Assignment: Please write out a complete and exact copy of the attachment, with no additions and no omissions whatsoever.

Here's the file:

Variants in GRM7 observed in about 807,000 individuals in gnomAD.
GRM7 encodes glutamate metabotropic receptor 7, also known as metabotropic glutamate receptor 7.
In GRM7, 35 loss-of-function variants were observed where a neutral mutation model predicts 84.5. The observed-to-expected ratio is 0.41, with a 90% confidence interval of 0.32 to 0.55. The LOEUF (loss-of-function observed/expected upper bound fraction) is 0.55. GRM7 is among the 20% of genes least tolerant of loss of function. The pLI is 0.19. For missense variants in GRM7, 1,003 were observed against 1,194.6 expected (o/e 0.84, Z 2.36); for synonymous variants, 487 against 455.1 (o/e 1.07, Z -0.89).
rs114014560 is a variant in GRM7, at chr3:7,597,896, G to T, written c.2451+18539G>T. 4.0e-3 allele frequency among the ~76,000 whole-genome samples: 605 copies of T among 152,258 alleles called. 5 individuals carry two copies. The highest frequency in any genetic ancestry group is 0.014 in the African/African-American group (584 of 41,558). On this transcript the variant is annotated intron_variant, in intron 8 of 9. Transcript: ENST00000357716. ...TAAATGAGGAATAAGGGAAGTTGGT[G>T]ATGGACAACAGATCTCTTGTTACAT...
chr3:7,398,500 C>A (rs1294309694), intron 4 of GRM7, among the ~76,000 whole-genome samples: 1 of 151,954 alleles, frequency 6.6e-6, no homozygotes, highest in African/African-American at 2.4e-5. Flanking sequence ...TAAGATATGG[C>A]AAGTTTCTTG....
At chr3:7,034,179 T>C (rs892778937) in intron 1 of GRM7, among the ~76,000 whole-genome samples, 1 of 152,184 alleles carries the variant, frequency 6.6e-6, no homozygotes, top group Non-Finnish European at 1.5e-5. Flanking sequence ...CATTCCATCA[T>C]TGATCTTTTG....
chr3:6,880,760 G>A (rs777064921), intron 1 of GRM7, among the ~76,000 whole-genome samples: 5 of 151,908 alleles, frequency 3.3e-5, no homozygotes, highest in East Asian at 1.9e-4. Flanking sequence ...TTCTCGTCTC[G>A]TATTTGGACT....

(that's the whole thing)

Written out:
Variants in GRM7 observed in about 807,000 individuals in gnomAD.
GRM7 encodes glutamate metabotropic receptor 7, also known as metabotropic glutamate receptor 7.
In GRM7, 35 loss-of-function variants were observed where a neutral mutation model predicts 84.5. The observed-to-expected ratio is 0.41, with a 90% confidence interval of 0.32 to 0.55. The LOEUF (loss-of-function observed/expected upper bound fraction) is 0.55. GRM7 is among the 20% of genes least tolerant of loss of function. The pLI is 0.19. For missense variants in GRM7, 1,003 were observed against 1,194.6 expected (o/e 0.84, Z 2.36); for synonymous variants, 487 against 455.1 (o/e 1.07, Z -0.89).
rs114014560 is a variant in GRM7, at chr3:7,597,896, G to T, written c.2451+18539G>T. 4.0e-3 allele frequency among the ~76,000 whole-genome samples: 605 copies of T among 152,258 alleles called. 5 individuals carry two copies. The highest frequency in any genetic ancestry group is 0.014 in the African/African-American group (584 of 41,558). On this transcript the variant is annotated intron_variant, in intron 8 of 9. Transcript: ENST00000357716. ...TAAATGAGGAATAAGGGAAGTTGGT[G>T]ATGGACAACAGATCTCTTGTTACAT...
chr3:7,398,500 C>A (rs1294309694), intron 4 of GRM7, among the ~76,000 whole-genome samples: 1 of 151,954 alleles, frequency 6.6e-6, no homozygotes, highest in African/African-American at 2.4e-5. Flanking sequence ...TAAGATATGG[C>A]AAGTTTCTTG....
At chr3:7,034,179 T>C (rs892778937) in intron 1 of GRM7, among the ~76,000 whole-genome samples, 1 of 152,184 alleles carries the variant, frequency 6.6e-6, no homozygotes, top group Non-Finnish European at 1.5e-5. Flanking sequence ...CATTCCATCA[T>C]TGATCTTTTG....
chr3:6,880,760 G>A (rs777064921), intron 1 of GRM7, among the ~76,000 whole-genome samples: 5 of 151,908 alleles, frequency 3.3e-5, no homozygotes, highest in East Asian at 1.9e-4. Flanking sequence ...TTCTCGTCTC[G>A]TATTTGGACT....